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Managed accounts are increasingly taking the place of managed funds in self-managed super fund (SMSF) portfolios because they give advisers the ability to act swiftly when markets move, as well as offering tax advantages and improved transparency.
But it’s important to understand how they work, their fee structures and form a view about how they integrate with other investments in the portfolio.
Managed accounts are different to managed funds because they give investors more choice when it comes to portfolio exposures and allow them to directly invest in shares. They also mean SMSF members are the beneficial owners of the underlying assets, which can deliver tax advantages especially for pension-phase investors who don’t pay tax.
A professional investment manager is responsible for making decisions about the assets in the structure and clients don’t need to sign off on a new statement of advice every time the manager makes a change to the portfolio.
Paul Bourke, a director of ID Accounting and Wealth Solutions explains. “A managed account provides SMSF investors with an at-arm’s-length expert management team of investment professionals, which helps give investors comfort their assets are well managed. In difficult times like these it’s easy for investors to chase returns and sometimes forget the fundamentals. A managed account helps remove some of this investment bias.”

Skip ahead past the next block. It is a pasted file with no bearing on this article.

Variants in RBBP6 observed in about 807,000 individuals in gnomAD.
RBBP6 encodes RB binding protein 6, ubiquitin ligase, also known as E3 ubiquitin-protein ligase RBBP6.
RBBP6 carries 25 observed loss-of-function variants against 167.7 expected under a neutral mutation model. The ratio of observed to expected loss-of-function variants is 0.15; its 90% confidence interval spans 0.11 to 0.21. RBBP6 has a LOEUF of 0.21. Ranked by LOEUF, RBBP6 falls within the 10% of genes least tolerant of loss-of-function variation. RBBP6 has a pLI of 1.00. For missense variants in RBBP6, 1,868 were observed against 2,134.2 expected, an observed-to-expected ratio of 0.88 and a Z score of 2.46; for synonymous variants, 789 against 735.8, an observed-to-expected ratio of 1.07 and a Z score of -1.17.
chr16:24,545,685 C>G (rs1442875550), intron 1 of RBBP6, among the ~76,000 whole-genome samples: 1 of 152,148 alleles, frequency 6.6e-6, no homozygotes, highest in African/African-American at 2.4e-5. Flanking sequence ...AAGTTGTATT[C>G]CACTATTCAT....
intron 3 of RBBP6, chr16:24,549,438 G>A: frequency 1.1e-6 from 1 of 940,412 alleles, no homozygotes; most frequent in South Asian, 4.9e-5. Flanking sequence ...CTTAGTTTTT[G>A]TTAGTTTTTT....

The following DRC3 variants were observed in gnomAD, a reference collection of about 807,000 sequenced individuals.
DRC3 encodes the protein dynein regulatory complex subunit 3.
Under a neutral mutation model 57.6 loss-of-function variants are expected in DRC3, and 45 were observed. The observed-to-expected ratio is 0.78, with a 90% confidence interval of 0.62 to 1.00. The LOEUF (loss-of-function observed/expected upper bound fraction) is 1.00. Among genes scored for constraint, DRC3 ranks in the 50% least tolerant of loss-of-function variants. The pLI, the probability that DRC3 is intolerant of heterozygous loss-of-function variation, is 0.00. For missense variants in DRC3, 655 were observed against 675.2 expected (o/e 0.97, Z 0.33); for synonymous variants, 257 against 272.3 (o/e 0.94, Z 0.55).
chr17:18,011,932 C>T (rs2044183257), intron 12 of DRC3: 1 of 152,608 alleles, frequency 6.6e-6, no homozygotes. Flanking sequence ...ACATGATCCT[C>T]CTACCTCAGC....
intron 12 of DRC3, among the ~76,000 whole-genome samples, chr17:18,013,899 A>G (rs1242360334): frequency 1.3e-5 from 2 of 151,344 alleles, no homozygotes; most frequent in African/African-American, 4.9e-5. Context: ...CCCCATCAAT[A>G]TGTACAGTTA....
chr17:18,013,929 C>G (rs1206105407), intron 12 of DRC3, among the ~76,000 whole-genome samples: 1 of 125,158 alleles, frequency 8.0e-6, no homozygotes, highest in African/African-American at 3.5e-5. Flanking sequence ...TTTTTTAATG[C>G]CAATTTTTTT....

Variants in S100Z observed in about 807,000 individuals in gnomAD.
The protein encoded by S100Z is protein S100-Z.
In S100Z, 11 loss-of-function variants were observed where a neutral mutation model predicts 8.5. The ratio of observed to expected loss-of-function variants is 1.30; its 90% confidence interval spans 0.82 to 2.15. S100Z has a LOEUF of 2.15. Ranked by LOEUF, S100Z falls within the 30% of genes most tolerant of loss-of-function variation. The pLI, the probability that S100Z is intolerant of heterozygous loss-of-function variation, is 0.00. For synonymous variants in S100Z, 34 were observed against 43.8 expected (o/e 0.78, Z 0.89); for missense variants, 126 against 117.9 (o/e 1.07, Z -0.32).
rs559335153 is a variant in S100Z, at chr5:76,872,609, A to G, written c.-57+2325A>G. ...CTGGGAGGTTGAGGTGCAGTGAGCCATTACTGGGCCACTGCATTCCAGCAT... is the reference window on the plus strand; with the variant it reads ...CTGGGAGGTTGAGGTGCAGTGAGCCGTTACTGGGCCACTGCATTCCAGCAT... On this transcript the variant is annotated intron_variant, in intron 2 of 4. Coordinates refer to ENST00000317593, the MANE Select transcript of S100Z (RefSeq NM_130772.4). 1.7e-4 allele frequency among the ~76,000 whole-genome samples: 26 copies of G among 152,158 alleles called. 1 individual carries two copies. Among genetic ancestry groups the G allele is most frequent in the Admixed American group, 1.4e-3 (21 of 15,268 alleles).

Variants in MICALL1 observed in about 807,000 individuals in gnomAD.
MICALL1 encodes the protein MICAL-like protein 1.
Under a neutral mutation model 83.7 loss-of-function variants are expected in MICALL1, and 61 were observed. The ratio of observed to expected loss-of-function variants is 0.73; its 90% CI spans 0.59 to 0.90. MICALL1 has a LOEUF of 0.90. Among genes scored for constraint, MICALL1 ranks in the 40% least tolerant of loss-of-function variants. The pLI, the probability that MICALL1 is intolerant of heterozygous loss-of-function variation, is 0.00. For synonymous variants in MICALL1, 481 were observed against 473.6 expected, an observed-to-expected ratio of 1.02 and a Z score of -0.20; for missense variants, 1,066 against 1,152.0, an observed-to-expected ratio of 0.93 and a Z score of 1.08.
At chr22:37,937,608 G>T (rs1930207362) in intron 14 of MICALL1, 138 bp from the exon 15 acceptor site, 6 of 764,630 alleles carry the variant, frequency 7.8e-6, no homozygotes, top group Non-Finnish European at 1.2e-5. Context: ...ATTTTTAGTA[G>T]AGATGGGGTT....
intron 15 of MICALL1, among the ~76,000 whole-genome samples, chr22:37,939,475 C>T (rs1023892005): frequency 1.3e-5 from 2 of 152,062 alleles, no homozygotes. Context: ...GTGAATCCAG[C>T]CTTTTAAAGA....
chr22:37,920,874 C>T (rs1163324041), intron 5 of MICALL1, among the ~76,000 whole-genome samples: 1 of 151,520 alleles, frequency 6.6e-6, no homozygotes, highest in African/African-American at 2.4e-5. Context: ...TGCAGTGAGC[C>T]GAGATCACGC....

One of the main reasons managed accounts are attractive is because they enable the manager to make swift portfolio changes when markets are highly volatile as a result of variables like changing economics conditions, market shocks, company results announcements or research updates.
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“This allows the manager to make timely trades and reduces the paperwork required to obtain client consent,” explains Lane Financial senior financial adviser Morgan Collins.
Most managed accounts also boast a more regular approach to communication versus managed funds, which often only provide updates to their investors once a quarter or even once a year.
“Timely updates really help with investor confidence during rough times,” Collins adds. Typically the investment manager will send out an investor alert when something significant happens in the market, often within 48 hours, in addition to regular newsletters and insights. This gives investors assurance the investment manager has their hands on the wheel.
Michael Miller, a financial adviser with Wealth Market in the Canberra suburb of Northbourne, says his practice is watching developments in managed accounts very closely. This is because they allow investors to have more direct visibility of how their money is invested, while outsourcing the management of the portfolio when they don’t wish to do it themselves.
“This is in contrast to managed funds, where the price of outsourcing the management is very little insight as to what’s in the portfolio. Direct visibility is increasingly important for investors who want a say in which companies are in their portfolios, but don’t necessarily want to take on all aspects of managing their portfolio. Managed accounts can provide this,” he explains.